// Now we have to figure out what ATM transactionthis is for 
        AtmTransaction tran = LookupTransaction(...);
        // Is the transaction in the expected state?
        if (sess.WaitingOnFundsToBeDispensed())
        // destroy the transaction

In this solution, our thread's message queue looks at the next message and calls the corresponding function for that thread. To implement "WithdrawFunds", we need two events: One for withdraw requests, another confirming that funds were dispensed. Since we might be servicing requests for multiple ATMs simultaneously, we need to store every ongoing ATM transaction. When processing the WithdrawRequest event we create a transaction, store it away, and send a message back to the ATM to dispense funds. Later when we get a "funds dispensed" event we'll need to find the intended transaction for the event.

This method can become unreadable fast. Compare this code with the "WithdrawFunds" function above. "WithdrawFunds" by simply blocking can list everything that needs to be done step-by-step. Because we're not blocking here, we need to track the state of each transaction. Instead of being scoped to a single function as in "WithdrawFunds", now the transaction belongs to the entire thread. The blocking "WithdrawFunds" function, by avoiding all the additional state tracking, is far easier to understand and debug. When debugging the single threaded solution we never see the full story. What happened in the event handling functions when processing earlier events in this transaction? We'll never know because we've lost that function context. We don't know what happened, how we got here, or where we're going next. We're a little lost and its hard to find a map-- its hard to write a step-by-step procedure of how everything should happen just by looking at the code.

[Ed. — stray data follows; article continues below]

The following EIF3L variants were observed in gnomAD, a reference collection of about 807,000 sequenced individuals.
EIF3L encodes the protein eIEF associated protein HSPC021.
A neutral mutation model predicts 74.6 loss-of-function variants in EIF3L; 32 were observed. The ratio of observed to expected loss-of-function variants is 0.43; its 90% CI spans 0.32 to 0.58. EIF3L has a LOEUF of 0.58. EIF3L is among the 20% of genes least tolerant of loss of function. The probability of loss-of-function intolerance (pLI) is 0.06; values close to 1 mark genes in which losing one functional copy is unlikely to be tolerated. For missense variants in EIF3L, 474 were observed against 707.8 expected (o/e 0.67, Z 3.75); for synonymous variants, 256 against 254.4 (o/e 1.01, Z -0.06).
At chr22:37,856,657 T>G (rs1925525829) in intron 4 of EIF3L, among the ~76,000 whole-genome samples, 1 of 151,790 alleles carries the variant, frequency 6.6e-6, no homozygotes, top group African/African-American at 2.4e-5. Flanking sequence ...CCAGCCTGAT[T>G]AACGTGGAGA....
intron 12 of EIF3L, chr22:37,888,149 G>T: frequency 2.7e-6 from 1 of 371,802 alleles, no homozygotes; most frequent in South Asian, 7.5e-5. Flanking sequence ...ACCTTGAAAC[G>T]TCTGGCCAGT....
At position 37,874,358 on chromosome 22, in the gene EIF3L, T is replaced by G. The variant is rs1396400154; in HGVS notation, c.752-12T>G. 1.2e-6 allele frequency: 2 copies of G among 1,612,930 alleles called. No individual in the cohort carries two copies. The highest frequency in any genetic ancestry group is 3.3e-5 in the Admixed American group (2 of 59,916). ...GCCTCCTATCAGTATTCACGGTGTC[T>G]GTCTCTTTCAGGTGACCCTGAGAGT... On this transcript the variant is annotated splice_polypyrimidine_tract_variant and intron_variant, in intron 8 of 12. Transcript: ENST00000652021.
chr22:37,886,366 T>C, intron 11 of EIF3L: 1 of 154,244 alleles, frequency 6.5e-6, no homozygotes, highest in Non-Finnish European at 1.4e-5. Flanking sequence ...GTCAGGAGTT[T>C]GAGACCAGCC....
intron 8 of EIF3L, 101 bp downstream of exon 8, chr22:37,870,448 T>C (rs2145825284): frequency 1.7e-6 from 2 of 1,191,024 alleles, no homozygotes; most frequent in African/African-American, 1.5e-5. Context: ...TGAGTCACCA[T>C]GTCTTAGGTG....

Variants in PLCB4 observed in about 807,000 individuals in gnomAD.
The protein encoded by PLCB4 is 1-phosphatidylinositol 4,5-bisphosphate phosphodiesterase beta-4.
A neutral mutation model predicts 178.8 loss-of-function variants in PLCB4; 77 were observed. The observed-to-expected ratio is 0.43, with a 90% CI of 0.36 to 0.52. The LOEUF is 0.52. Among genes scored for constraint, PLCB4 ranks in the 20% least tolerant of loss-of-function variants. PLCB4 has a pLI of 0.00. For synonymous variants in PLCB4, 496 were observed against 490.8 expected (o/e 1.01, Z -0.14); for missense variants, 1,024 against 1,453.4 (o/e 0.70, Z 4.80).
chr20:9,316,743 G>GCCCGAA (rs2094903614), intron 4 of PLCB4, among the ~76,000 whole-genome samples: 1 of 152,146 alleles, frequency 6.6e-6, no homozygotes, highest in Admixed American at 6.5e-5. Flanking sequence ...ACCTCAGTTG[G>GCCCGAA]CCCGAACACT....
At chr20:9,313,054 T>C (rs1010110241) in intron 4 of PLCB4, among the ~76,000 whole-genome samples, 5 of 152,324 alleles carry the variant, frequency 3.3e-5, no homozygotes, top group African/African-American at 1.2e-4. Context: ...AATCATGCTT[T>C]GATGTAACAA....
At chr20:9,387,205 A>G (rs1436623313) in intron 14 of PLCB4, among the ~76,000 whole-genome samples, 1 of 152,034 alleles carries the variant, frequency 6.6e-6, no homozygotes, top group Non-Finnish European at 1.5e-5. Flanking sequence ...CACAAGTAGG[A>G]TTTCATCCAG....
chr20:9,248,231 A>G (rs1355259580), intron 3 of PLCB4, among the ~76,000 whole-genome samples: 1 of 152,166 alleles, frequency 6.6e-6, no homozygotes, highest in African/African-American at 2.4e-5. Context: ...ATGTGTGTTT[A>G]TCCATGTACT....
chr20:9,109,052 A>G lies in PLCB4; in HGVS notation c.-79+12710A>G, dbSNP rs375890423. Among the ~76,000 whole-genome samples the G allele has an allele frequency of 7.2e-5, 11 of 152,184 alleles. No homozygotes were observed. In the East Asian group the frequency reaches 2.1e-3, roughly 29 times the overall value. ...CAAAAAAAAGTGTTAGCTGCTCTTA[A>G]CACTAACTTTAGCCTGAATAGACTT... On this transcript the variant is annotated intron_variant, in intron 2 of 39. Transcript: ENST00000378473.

Moreover, by introducing extra state, we are just asking for bugs. What happens at each step when something goes wrong? How do we handle missing a step in the conversation? In the "WithrdawFunds" function this can simply be a caught exception or an error return code. In the single-threaded code, we need some kind of "watchdog" event to jump in and figure out what might have timed out. The increased scope of the transaction might expose us to bugs. More code will gain access to this data making it possible that unexpected code may poke around in our state leading to bugs and unexpected behavior. We get extra complexity and harder to debug code with its own potential for bugs.

Whats the answer? Its nice we don't have to think about all the threading issues in the single threaded solution. Its something that can certainly get ugly fast. However, a careful system designer should be able to mitigate these problems. Certainly a database would be an appropriate choice. Multiple threads only interacting with a database would avoid headaches associated with locking by delegating that job to the database. Aside from databases most platforms have ways of passing messages or communicating without the direct use of locks.

The question comes down to: do you want newbs confused about your crazy message passing/state tracking scheme? Or do you want them confused about how they should lock shared resources? Where do you want your newb generated bugs :)? If you can structure your code so that they can create threads and rarely have to think about locking (ie by using a database) then don't restrict yourself to the clumsy single threaded approach. If for some reason your system has poorly defined locking/thread communication semantics than there may be a reason to think more carefully about the trade-offs.